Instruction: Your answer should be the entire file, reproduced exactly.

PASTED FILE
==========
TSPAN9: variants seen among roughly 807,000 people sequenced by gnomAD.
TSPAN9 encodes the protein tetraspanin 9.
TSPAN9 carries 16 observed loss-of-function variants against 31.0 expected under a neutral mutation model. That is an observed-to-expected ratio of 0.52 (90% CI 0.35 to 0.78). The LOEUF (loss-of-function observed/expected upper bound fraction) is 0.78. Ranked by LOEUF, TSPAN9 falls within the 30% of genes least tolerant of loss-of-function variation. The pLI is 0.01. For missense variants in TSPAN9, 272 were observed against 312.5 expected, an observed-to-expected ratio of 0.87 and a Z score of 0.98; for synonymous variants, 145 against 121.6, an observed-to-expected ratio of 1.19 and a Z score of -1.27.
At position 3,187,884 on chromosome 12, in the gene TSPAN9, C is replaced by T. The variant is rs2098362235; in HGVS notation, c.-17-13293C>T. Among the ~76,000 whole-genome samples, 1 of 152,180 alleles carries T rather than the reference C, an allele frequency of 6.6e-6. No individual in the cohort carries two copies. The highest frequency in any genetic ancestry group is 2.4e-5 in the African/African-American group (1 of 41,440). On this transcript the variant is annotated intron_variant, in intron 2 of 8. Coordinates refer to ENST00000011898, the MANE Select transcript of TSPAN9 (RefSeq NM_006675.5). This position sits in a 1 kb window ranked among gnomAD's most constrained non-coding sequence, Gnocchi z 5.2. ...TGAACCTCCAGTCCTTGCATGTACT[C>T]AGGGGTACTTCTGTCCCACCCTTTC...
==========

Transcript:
TSPAN9: variants seen among roughly 807,000 people sequenced by gnomAD.
TSPAN9 encodes the protein tetraspanin 9.
TSPAN9 carries 16 observed loss-of-function variants against 31.0 expected under a neutral mutation model. That is an observed-to-expected ratio of 0.52 (90% CI 0.35 to 0.78). The LOEUF (loss-of-function observed/expected upper bound fraction) is 0.78. Ranked by LOEUF, TSPAN9 falls within the 30% of genes least tolerant of loss-of-function variation. The pLI is 0.01. For missense variants in TSPAN9, 272 were observed against 312.5 expected, an observed-to-expected ratio of 0.87 and a Z score of 0.98; for synonymous variants, 145 against 121.6, an observed-to-expected ratio of 1.19 and a Z score of -1.27.
At position 3,187,884 on chromosome 12, in the gene TSPAN9, C is replaced by T. The variant is rs2098362235; in HGVS notation, c.-17-13293C>T. Among the ~76,000 whole-genome samples, 1 of 152,180 alleles carries T rather than the reference C, an allele frequency of 6.6e-6. No individual in the cohort carries two copies. The highest frequency in any genetic ancestry group is 2.4e-5 in the African/African-American group (1 of 41,440). On this transcript the variant is annotated intron_variant, in intron 2 of 8. Coordinates refer to ENST00000011898, the MANE Select transcript of TSPAN9 (RefSeq NM_006675.5). This position sits in a 1 kb window ranked among gnomAD's most constrained non-coding sequence, Gnocchi z 5.2. ...TGAACCTCCAGTCCTTGCATGTACT[C>T]AGGGGTACTTCTGTCCCACCCTTTC...